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SLC, PCB Launch Probe in Umpiring Sting Case
Sri Lanka Cricket and Pakistan Cricket Board today began investigations into the television sting operation which alleged that the umpires were willing to fix T20 matches.

The channel showed video clips purportedly taken by their undercover reporters in which the umpires were shown to be allegedly willing to give certain decisions in exchange for money.

A SLC official said that they are studying the tapes of the sting operation. SLC chief executive Ajith Jayasekara said there has been no official communication from the ICC on allegations by India TV that Sri Lankans were among six international umpires willing to fix matches.

He said the local anti-corruption unit will work with the ICC in the investigations.

The channel showed video clips, purportedly taken by their undercover reporters in which the umpires were shown to be allegedly willing to give certain decisions in exchange for money.

The six umpires, who are purportedly shown in the TV sting willing to fix matches, were Nadeem Ghauri and Anees Siddiqui of Pakistan, Nadir Shah of Bangladesh, and Gamini Dissanayake, Maurice Winston and Sagara Gallage of Sri Lanka.

PCB also said it has launched investigations into the matter.

"We are in contact with ICC and carrying out a detailed investigation into the matter. We have sought the details involved in the matter. For us it is just a TV report and it is too early to say anything," a PCB spokesman was quoted as saying by ESPNcricinfo.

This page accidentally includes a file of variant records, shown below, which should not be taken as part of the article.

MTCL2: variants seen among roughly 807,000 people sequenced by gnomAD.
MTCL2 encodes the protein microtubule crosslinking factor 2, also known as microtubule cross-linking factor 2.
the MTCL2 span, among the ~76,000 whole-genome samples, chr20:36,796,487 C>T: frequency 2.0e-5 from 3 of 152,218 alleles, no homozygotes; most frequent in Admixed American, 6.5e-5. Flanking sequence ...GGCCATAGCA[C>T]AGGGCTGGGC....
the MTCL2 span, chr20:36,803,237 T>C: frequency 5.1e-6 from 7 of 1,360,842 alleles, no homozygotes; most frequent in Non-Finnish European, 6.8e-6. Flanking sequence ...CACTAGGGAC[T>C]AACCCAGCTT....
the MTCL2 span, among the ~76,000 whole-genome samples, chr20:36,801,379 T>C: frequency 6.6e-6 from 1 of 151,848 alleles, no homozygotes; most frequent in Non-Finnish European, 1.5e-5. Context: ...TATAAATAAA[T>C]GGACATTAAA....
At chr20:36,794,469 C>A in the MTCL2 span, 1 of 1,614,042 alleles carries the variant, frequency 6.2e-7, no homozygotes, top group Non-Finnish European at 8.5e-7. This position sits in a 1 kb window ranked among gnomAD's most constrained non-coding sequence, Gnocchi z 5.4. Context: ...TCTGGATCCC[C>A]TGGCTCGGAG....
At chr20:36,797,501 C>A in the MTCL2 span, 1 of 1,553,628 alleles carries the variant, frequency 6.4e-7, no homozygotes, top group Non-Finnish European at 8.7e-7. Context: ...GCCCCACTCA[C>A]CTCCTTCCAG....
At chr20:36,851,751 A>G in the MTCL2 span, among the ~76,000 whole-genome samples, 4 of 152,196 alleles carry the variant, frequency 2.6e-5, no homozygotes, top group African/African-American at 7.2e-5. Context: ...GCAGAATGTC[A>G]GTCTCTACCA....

The BCCI, on its part, said since no Indian umpire was involved it would wait for the ICC to complete its investigations.

"The ICC has to take a call on it. They (ICC) will be taking appropriate action. As far as we are concerned we will take action as we deem fit," senior BCCI official Rajeev Shukla said.

"Our job is to keep the game clean. The BCCI takes strong and immediate action whenever such cases come up," he said.

Nadeem Ghauri, one of the umpires allegedly involved in the case, said in Lahore that he was innocent.

"I was approached by some TV channel from India who asked me to do an interview through Skype. They did ask me about the fixing stuff but I had nothing to say on the topic," Ghauri told reporters.

"They asked me to come to India and be part of their TV shows but I said I would come only if they sponsored my visit, but we didn't reach any agreement," he said.

Gamini Dissanayaka, one of the Sri Lankan umpires involved in the case, outrightly rejected the accusation.

"I reject all allegations. This is an attack on the entire Sri Lankan umpiring fraternity by an external force," Dissanayaka told reporters in Colombo.

He said that he had already written to local cricket authorities and is open to thorough investigation in order to prove his innocence.

Soon after the sting operation was beamed last night, the ICC said it would investigate the matter and asked the channel to give any information which can assist in the probe.

"The ICC and its relevant members have been made aware of the allegations made by India TV this evening and calls on the station to turnover any information which can assist the ICC’s urgent investigations into this matter," the world body said in a statement.
Emerging story. Watch this space for updates as more details come in
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